Before I get started with this week’s lesson I feel obligated to ask, “did you have a nice Mother’s Day?”
Good. Me too.
(You did remember to hand the camera off, didn’t you???)
(Yeah, me neither.)
I also feel obligated to remind you that if you click on the “Mama with a Camera Monday” category link at the end of this post it will take you to a page that contains ALL of the lessons from the past five weeks. Revisit them if you’re just joining us. Just so you won’t feel left out!
We’ve been talking a lot about composition for the past several weeks and we’re going to continue with that today. This will be our last composition lesson before we move on to some more technical details next week. BUT don’t let your eyes glaze over as you read this post…this one is a biggie! This week I want to introduce you (or remind you, for you teacher’s pets who already know it!) to the Rule of Thirds. Or what I’d like to call Think Offcenter. Cause let’s face it…the middle is no fun. No one loves being a middle child (no offense), no one enjoys the middle of a book (oh yeah, well then why’d you read the last page first?), and no one likes a friend who stays in the middle of an argument (pick a side already!). Okay, I realize those are drastic overgeneralizations but all strong rules and statements are. The same is true of this Rule of Thirds thing but you MUST UNDERSTAND IT before you can go against it. Deal?
So let’s get started.
If you’ve spent much time looking at painted art or photography or even just print ads you may have noticed a strong lean to the right (Or left. Or top. Or bottom.) when it comes to the strongest visual elements of the piece. This isn’t the act of an errant artist who missed the middle mark. It’s an intentional move meant to draw the viewer in based on the geometric form of the Golden Mean (here’s where my mathematician sister-in-law sits up a little straighter in her seat). If I were my sister-in-law I would explain to you what the Golden Mean is and how it came to be. I’m not her (although if I could be anyone else I might choose to be her…she’s pretty great) so I can’t get all mathematical on you. What I can tell you is that the rule of thirds states that the most pleasing point of an image is where two lines of an image divided into thirds intersect.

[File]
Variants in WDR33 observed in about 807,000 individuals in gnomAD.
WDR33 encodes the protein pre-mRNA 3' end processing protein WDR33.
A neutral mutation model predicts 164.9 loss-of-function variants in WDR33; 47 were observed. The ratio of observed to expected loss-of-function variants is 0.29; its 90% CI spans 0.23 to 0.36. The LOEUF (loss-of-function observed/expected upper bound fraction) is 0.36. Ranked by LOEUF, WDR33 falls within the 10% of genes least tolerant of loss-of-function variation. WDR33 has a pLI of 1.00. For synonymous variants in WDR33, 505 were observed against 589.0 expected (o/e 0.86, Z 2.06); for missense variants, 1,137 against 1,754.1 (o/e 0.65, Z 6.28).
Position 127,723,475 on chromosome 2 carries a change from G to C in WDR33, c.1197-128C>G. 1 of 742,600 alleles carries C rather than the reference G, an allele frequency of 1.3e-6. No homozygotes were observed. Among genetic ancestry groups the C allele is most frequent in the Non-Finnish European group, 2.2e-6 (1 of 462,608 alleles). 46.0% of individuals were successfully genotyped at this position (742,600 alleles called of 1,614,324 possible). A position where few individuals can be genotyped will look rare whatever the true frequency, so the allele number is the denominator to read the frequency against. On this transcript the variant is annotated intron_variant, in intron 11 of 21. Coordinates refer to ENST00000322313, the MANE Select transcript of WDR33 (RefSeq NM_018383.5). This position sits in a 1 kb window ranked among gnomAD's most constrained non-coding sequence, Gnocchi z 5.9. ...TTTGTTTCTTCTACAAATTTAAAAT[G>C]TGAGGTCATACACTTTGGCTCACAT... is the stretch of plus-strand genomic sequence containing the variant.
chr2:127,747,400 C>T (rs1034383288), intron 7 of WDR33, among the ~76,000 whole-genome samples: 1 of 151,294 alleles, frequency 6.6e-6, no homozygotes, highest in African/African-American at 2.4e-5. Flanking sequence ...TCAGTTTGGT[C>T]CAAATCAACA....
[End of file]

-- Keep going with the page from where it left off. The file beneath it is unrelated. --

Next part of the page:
For example, let’s look at this shot.
Now let’s check it out with a rule of thirds overlay:
Placing her eye at the intersection of the top and left lines causes instant impact for the viewer…even if you didn’t know you were looking for the rule of thirds!
Now that first example is more portrait-y than most of the shots I take of my own kids. But because I’ve studied the rule of thirds so much it took no time for me to find more examples in my folders…they were overflowing with offcenter images! Here are a few, both with overlays and without.
Now I’ll go ahead and warn you that when you start chopping heads the grandmothers in your family are not going to be happy.
You’ll start hearing things like, “that sure would be a pretty picture if you hadn’t cut his forehead off.”
But persevere. It’s all in the name of visual impact.
But don’t bother explaining that to Granny. Just nod your head and smile.
As you’re looking at these images I want you to try to imagine what they would have looked like if the subjects had been situated dead-center in the frame. Would they have the same impact?
Or would they look, well, dead. Lifeless? Without interest?
The rule of thirds is certainly not reserved for portrait and landscape photographers. It lends just as much impact to the story you’re telling with your family snapshots as to Van Gogh’s Starry Starry Night.
So starting tonight (or tomorrow morning) shun the middle. Think Off center. Grab that camera and push your viewfinder off to the left. Or Right. Or Top. Or Bottom. Start thinking in terms of visual impact and intersecting lines.
And promise to still be my friend even if you’re a middle child.